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Bok Choy

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Chinese white cabbage; pak choy; pak choi

What is it?

A relative of cabbage predominant in Asian cuisine, bok choy has a mild, sweet cabbagy flavor and a soft crunch. The stalks are crisp, refreshing, and mildly cabbagy tasting. The leaves have a nuttiness that intensifies when cooked. It’s gentle bitterness that stands up to strong, rich flavors like sesame, soy sauce, garlic, ginger, oyster sauce, chiles, and mushrooms. You’ll find both mature bok choy (about the size of a head of romaine lettuce) and baby bok choy (about 7 inches tall) in markets.

Don’t have it?

Napa cabbage can be a good substitute for sliced bok choy, especially in stir-fries.

How to choose:

Look for tight, unwilted heads ranging from bright green to dark green, with no signs of yellowing or drying. Heads range from a few ounces to more than a pound. Baby bok choy or small heads of mature bok choy are ideal. If using baby bok choy, choose ones that are all about the same size for even cooking.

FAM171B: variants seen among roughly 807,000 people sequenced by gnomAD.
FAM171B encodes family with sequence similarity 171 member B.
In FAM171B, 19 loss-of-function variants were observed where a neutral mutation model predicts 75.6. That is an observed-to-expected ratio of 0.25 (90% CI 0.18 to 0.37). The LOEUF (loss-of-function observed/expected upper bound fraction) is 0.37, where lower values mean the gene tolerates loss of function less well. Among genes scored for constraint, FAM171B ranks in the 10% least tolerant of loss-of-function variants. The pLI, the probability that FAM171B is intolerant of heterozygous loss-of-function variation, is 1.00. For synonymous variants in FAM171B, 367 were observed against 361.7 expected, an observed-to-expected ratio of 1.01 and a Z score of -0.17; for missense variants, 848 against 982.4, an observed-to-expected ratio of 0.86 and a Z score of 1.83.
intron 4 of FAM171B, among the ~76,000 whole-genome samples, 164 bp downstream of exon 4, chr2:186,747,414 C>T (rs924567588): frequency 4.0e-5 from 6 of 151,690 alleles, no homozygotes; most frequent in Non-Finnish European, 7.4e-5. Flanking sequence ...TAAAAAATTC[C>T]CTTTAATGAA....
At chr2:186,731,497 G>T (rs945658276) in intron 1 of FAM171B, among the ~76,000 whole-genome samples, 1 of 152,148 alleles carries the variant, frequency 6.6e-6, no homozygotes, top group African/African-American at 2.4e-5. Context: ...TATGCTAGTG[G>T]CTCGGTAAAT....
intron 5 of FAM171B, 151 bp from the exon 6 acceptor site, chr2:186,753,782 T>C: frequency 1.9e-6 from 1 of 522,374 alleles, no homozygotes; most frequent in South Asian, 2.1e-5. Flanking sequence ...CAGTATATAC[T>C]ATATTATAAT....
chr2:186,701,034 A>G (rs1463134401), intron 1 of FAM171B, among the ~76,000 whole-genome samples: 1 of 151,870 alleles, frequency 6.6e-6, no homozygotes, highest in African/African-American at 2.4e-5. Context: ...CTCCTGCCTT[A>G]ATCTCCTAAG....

How to prep:

Wash bok choy and discard any wilted leaves. You can leave baby bok choy whole or cut it in half lenthwise, but cut larger bok choy into pieces for stir-frying. It flavors bes with assertive Asian seasonings like toasted sesame oil, fermented black beans, chiles, fresh ginger, and garlic; milder flavors like lemon, white wine, and fresh herbs are nice, too.

How to store:

Keep bok choy refrigerated.


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